Phil Flynn is writer of The Energy Report, a daily market commentary discussing oil, the Middle East, American government, economics, and their effects on the world's energies markets, as well as other commodity markets. Contact Mr. Flynn at (888) 264-5665
“The inflation has peaked” narrative took a big step backward after the consumer price index defied the whisper numbers that suggested that inflation would come in lower and came in higher than expectations. Stock market rebounding optimism ended and red hot precious metals plunged on a surging dollar after the Bureau of Labor Statistics reported that in August, the Consumer Price Index for All Urban Consumers increased 0.1 percent, seasonally adjusted, and rose 8.3 percent over the last 12 months, not seasonally adjusted. The index for all items less food and energy increased by 0.6 percent in August; up 6.3 percent over the year.
What was terrible news for the Biden administration did have one bright spot for a moment. The surging dollar caused a sharp drop in the price of crude oil as well as the historically tight distillate inventories. The Biden administration couldn’t keep a good thing going when later in the day they reversed oil back to the upside by suggesting that they were going to refill the strategic petroleum reserve for $80.00 a barrel. Now I don’t want to get into how much money the Biden administration has cost American Taxpayers by exporting our Strategic Petroleum Reserve oil to Europe and the rest of the world but I want to point out that the exports of oil products from the U.S. in August hit an all-time high.
What I do want to talk about is how badly the Biden administration policies have left US refineries with extremely low levels of crude oil, increasing the risks of gasoline and diesel price spikes later this winter. The Biden administration admitting that they have to refill the reserve is an admission that their policy of using the strategic petroleum reserve for political purposes will backfire. The administration is now acknowledging that they have to be prepared for a winter price spike and that means that surging inflation may not be over at the gas tank or when you pay your heating bills. What was stunning in yesterday’s report was what Americans had to pay for electricity.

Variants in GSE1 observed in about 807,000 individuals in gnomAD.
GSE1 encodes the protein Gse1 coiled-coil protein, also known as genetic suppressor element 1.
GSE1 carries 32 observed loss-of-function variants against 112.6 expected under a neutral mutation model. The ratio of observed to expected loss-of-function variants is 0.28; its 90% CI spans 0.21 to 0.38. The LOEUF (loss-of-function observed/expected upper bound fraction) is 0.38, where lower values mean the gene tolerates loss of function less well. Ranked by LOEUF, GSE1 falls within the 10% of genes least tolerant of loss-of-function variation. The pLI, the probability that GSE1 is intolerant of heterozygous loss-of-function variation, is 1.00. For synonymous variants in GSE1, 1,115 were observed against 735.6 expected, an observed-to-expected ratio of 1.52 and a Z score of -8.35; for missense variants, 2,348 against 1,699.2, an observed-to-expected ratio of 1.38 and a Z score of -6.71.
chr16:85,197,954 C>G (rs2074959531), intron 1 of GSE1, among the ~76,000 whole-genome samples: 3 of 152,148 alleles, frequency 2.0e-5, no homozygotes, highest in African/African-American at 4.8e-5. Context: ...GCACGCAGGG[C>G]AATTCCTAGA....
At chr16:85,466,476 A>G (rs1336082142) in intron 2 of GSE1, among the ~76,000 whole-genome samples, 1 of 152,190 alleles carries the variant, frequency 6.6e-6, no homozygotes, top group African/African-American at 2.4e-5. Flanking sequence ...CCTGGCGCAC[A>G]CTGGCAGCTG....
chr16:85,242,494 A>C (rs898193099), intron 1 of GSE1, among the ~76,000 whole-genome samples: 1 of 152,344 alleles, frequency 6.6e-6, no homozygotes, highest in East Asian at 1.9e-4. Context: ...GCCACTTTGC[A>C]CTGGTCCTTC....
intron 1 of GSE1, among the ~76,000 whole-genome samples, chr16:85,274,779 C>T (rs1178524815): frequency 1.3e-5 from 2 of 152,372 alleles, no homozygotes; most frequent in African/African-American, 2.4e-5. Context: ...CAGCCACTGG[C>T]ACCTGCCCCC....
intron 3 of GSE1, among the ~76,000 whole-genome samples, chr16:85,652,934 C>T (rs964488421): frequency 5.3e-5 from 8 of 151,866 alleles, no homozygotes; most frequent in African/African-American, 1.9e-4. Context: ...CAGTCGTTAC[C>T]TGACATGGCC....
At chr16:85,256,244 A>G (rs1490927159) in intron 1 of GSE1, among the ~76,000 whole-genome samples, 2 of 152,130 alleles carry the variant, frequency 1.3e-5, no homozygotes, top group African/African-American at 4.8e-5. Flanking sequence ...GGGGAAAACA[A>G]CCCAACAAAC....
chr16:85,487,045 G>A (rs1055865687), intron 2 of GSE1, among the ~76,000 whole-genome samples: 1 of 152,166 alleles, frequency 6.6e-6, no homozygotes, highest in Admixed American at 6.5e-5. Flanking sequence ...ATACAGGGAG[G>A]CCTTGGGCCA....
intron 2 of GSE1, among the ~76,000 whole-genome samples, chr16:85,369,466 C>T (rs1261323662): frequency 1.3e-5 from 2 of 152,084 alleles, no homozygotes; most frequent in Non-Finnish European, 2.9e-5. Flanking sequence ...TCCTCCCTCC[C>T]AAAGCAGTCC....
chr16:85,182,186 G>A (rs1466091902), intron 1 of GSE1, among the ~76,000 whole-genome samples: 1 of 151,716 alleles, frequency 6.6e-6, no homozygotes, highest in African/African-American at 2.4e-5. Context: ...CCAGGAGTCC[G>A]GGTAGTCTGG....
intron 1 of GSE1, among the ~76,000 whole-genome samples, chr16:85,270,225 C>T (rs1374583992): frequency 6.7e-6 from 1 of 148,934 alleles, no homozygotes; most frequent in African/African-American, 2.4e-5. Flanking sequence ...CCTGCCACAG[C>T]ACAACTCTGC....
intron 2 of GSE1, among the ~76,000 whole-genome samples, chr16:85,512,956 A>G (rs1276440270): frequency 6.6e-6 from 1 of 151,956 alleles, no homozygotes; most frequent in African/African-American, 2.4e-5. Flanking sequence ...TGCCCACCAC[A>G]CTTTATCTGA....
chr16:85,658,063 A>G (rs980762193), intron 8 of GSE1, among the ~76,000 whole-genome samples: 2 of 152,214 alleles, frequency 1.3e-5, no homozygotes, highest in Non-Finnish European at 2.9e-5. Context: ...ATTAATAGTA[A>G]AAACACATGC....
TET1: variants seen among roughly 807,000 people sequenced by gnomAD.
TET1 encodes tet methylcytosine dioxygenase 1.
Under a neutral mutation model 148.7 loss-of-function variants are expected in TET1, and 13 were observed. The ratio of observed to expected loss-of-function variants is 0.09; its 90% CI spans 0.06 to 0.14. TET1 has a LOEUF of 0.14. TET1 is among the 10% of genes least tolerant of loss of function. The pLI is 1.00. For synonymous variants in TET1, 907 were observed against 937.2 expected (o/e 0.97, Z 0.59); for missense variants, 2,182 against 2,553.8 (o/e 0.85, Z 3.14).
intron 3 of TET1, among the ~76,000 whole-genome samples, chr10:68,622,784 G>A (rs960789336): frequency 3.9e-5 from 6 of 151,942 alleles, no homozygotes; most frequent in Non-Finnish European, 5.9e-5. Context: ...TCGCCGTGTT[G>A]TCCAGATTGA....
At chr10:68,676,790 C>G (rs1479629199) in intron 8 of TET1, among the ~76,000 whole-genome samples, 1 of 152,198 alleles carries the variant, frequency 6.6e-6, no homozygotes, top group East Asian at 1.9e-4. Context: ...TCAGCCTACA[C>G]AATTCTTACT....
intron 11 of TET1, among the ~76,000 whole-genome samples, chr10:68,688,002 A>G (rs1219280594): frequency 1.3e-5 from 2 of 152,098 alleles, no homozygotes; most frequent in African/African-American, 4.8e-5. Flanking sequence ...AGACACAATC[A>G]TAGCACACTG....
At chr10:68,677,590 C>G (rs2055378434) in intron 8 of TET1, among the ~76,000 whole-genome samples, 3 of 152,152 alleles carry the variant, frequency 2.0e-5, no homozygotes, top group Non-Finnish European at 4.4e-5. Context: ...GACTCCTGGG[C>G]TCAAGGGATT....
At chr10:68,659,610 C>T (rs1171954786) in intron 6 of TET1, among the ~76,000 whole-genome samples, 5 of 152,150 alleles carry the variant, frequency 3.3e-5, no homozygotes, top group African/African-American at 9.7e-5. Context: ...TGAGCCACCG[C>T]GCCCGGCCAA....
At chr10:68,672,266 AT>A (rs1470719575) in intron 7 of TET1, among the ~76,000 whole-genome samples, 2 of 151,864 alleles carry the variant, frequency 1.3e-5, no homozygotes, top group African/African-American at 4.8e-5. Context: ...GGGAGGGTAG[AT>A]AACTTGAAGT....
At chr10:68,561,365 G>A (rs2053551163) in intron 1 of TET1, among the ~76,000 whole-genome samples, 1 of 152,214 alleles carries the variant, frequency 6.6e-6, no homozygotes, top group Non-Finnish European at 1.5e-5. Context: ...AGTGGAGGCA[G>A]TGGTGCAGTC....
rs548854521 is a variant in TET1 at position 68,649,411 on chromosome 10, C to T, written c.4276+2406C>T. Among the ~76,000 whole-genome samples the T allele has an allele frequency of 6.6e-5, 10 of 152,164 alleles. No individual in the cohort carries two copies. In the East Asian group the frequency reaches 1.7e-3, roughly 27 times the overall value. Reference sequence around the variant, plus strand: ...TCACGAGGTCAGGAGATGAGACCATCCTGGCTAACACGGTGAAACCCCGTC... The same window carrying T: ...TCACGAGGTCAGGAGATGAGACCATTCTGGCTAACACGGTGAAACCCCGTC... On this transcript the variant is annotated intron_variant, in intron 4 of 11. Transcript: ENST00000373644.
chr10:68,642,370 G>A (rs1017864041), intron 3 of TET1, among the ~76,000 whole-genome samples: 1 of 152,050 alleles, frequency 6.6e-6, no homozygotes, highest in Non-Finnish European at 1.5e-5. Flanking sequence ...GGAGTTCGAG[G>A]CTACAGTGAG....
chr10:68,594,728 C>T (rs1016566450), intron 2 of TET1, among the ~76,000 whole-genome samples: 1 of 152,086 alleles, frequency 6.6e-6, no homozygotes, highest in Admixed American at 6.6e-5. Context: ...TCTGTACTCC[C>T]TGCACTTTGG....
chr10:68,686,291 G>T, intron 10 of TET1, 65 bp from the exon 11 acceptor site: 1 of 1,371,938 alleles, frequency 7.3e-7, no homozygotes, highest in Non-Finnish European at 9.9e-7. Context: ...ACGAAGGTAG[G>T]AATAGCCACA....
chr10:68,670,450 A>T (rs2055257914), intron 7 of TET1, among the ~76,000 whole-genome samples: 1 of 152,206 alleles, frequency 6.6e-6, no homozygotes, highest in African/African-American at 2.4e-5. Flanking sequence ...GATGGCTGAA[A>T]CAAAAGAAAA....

Naureen S. Malik at Bloomberg wrote that, “August electricity bills for US consumers jumped the most since 1981, gaining 15.8% from the same period a year ago, according to the US Bureau of Labor Statistics. Natural gas bills, which crept back up last month after dipping in July, surged 33% from the same month last year, labor data released Tuesday showed. Broader energy costs slipped for a second consecutive month because of lower gasoline and fuel oil prices. Even with that drop, total energy costs were still about 24% above August 2021 levels according to Bloomberg.
In the meantime, OPEC is still showing their displeasure with the actions of the Biden administration to intervene in the market. OPEC still claims that the price of the futures is still out of whack with the physical market and that may force them to cut production in the future. If OPEC cuts production when the Biden administration starts to buy, that could tighten supplies even more. Still we did see an increase in OPEC oil production as it increased 618,000 barrels a day back to 29.65 million barrels a day. The increase was led by Saudi Arabia and Libya that seemed to be coming back online at least for the moment. Yet at the same time, OPEC is still short of their quota by a long shot.